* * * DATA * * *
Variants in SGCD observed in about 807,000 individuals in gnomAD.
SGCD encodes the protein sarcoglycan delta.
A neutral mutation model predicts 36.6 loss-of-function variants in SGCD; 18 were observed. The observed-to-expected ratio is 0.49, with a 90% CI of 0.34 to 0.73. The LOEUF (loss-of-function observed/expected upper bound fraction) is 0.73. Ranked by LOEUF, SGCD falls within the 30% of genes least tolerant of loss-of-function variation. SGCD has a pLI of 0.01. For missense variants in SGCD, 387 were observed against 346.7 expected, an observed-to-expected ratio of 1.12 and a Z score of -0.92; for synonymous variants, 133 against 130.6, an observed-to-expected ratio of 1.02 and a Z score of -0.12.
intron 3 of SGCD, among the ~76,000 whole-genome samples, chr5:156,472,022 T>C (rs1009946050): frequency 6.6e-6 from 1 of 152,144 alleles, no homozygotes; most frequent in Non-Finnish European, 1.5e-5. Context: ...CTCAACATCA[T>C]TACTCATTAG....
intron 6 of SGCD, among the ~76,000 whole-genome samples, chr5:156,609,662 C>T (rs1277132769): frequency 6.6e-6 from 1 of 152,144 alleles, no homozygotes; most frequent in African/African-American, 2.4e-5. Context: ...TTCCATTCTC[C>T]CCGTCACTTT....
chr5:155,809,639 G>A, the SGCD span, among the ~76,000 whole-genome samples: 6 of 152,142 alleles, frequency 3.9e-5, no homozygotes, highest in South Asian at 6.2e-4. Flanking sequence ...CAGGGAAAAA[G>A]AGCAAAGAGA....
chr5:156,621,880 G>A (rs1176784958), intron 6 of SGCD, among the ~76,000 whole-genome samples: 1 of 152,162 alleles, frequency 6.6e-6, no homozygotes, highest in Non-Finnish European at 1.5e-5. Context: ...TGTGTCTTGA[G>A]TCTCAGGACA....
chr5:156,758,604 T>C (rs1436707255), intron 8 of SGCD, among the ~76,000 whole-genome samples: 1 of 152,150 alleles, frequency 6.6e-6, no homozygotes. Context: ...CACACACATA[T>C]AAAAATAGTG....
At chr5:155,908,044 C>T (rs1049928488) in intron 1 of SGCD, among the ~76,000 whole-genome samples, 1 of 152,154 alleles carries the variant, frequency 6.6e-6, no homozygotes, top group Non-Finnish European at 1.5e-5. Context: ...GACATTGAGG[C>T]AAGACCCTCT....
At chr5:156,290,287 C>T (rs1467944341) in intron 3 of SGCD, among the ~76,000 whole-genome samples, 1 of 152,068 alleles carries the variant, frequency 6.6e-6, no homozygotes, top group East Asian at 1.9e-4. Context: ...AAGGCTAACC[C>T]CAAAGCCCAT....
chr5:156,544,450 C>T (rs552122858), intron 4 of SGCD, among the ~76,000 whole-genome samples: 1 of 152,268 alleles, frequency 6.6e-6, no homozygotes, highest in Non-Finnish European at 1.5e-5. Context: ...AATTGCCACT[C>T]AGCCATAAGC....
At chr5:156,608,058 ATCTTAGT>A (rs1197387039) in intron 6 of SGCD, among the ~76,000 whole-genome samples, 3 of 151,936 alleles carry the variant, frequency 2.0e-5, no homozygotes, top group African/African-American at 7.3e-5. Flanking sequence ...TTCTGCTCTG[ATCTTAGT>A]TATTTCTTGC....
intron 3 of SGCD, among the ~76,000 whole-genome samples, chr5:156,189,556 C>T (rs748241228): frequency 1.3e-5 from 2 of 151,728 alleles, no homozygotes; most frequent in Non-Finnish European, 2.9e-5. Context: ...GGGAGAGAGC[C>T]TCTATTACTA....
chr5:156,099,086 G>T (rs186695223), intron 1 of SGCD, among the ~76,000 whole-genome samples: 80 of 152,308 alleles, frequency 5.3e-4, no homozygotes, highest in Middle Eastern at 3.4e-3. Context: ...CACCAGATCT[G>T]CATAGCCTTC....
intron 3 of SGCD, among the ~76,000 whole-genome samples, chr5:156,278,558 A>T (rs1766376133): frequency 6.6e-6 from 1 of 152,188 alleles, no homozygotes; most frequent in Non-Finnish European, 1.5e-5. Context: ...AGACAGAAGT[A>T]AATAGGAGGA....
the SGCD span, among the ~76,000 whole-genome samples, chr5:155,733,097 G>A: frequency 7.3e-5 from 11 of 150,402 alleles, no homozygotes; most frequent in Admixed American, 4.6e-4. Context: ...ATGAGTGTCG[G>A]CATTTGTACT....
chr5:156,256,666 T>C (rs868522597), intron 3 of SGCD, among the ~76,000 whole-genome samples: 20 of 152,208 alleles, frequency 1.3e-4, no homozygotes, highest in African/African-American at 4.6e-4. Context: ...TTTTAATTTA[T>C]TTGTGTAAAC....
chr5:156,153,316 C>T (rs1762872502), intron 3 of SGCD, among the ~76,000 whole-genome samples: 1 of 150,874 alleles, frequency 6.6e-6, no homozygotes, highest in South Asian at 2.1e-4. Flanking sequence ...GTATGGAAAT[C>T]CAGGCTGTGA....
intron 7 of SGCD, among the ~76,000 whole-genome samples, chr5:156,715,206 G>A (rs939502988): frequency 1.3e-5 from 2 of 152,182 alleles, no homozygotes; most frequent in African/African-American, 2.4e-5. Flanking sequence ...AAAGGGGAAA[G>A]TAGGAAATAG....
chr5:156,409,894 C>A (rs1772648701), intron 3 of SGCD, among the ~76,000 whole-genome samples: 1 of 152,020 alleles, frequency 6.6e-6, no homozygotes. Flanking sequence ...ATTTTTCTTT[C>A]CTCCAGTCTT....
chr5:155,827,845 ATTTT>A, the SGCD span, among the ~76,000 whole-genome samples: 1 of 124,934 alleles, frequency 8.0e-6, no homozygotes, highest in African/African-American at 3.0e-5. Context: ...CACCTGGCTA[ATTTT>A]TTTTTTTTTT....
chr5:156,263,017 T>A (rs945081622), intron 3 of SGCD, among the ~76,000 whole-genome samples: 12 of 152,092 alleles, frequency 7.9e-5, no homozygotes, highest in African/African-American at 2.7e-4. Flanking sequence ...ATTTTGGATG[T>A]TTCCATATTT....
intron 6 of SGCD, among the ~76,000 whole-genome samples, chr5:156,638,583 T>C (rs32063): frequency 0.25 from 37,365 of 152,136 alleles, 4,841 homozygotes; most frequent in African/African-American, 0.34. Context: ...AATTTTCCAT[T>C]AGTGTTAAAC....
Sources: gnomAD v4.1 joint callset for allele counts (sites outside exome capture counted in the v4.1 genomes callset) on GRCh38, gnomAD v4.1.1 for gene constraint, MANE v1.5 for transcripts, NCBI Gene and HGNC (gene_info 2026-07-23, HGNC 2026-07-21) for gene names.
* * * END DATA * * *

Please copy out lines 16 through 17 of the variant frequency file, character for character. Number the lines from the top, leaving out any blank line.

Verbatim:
the SGCD span, among the ~76,000 whole-genome samples, chr5:155,733,097 G>A: frequency 7.3e-5 from 11 of 150,402 alleles, no homozygotes; most frequent in Admixed American, 4.6e-4. Context: ...ATGAGTGTCG[G>A]CATTTGTACT....
chr5:156,256,666 T>C (rs868522597), intron 3 of SGCD, among the ~76,000 whole-genome samples: 20 of 152,208 alleles, frequency 1.3e-4, no homozygotes, highest in African/African-American at 4.6e-4. Context: ...TTTTAATTTA[T>C]TTGTGTAAAC....